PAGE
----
We're in the market for a new central a/c. We're in south Texas, in a
4-bedroom home, about 1800 sq. ft. living space, high ceilings in living
area, with a southwestern exposure. Needless to say, this house gets HOT,
and our old a/c just can't keep up.
My question is what size a/c unit should we get? I'm thinking a 4-ton, but
my stepdad says to get a 5-ton. Ok, even that large a unit would no doubt be
more cost efficient than the 20+ year old 3½-ton we have now, but do we
really need that big a unit? We will eventually be building a patio cover
and doing more landscaping near the house, but in the meantime we need to
cool this place off. Any suggestions will be greatly appreciated.
You need to get a reliable company to come in and do a Manual J on the
place. You can't just go by the square footage. There are so many variables
that have to do with sizing a unit properly. For example: I have a 2200 sq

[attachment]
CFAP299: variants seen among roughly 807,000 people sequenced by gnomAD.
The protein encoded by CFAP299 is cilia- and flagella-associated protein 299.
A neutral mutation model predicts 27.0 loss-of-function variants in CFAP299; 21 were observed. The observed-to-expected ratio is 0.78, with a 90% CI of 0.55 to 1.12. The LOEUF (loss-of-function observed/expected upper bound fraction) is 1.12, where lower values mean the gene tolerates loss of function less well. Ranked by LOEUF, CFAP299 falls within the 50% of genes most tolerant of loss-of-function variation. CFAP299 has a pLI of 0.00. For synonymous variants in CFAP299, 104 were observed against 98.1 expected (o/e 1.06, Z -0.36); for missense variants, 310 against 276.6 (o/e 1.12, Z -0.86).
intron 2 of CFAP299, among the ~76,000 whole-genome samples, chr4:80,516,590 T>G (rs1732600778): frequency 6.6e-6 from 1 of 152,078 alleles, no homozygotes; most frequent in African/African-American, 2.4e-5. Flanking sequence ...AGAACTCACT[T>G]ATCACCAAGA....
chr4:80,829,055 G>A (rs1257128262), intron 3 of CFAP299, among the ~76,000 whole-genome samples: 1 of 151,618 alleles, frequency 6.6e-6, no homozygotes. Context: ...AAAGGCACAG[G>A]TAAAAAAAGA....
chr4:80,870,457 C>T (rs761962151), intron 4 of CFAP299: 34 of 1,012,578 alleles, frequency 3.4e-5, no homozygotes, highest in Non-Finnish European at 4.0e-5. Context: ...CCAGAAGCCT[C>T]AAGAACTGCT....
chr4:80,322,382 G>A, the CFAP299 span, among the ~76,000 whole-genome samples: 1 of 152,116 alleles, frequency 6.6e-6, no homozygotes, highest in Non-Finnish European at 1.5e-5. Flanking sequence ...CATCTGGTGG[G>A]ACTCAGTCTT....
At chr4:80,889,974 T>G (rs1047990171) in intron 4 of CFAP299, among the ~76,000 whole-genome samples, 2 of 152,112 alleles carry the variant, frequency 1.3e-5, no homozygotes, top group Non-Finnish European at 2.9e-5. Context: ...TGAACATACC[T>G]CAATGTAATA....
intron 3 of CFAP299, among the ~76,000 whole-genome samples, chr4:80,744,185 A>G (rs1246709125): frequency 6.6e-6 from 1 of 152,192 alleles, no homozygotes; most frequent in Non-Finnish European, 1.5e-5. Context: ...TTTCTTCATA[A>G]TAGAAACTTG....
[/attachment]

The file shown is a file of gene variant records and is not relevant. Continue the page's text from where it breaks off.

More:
ft house and a 2 1/2 ton unit does fine. My old house was 1700 sq ft and it
needed a 3 ton. (no I'm not in Texas, but I AM in the South).
Ask around and find out who the better contractors are and go from
How old is the old unit? It may very well be repairable. Does it cool at
The old unit is likely running way under efficient, so I'd be cautious about
upsizing by very much.
Of course, the way to go is to get a local HVAC company do a heat load
calculation and see how much you n eed. Or find a couple similar size houses
in your neighborhood. Go push the bell and ask what they use. Bring home
baked cookies when doing this.
Hi Stormin, hope you are having a nice day
On 03-Dec-04 At About 03:03:05, Stormin Mormon wrote to All
Subject: Re: Your advice on new a/c unit, please